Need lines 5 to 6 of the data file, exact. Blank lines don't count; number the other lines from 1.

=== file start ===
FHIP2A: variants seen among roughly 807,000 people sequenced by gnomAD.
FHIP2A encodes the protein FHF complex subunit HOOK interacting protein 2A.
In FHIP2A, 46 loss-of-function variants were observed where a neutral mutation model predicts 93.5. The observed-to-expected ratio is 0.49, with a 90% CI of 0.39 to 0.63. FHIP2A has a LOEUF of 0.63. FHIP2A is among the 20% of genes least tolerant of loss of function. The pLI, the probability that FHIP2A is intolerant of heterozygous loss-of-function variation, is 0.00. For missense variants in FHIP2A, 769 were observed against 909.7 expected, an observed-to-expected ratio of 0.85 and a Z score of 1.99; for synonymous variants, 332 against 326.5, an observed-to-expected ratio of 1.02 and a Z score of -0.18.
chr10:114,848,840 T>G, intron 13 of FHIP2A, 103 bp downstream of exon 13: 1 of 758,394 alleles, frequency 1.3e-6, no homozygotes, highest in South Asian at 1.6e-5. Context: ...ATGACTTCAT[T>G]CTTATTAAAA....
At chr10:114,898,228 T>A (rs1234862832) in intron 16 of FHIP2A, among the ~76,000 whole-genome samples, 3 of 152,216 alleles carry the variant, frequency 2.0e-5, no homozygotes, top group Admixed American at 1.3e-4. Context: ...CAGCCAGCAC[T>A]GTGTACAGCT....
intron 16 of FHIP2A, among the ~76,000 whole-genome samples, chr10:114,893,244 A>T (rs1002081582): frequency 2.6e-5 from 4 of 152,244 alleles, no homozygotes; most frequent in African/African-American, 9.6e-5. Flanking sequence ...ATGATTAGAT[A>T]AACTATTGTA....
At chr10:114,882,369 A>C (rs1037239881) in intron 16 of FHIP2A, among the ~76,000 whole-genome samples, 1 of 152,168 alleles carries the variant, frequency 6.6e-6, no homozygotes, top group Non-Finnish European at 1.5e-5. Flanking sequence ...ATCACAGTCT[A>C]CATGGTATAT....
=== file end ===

At chr10:114,898,228 T>A (rs1234862832) in intron 16 of FHIP2A, among the ~76,000 whole-genome samples, 3 of 152,216 alleles carry the variant, frequency 2.0e-5, no homozygotes, top group Admixed American at 1.3e-4. Context: ...CAGCCAGCAC[T>A]GTGTACAGCT....
intron 16 of FHIP2A, among the ~76,000 whole-genome samples, chr10:114,893,244 A>T (rs1002081582): frequency 2.6e-5 from 4 of 152,244 alleles, no homozygotes; most frequent in African/African-American, 9.6e-5. Flanking sequence ...ATGATTAGAT[A>T]AACTATTGTA....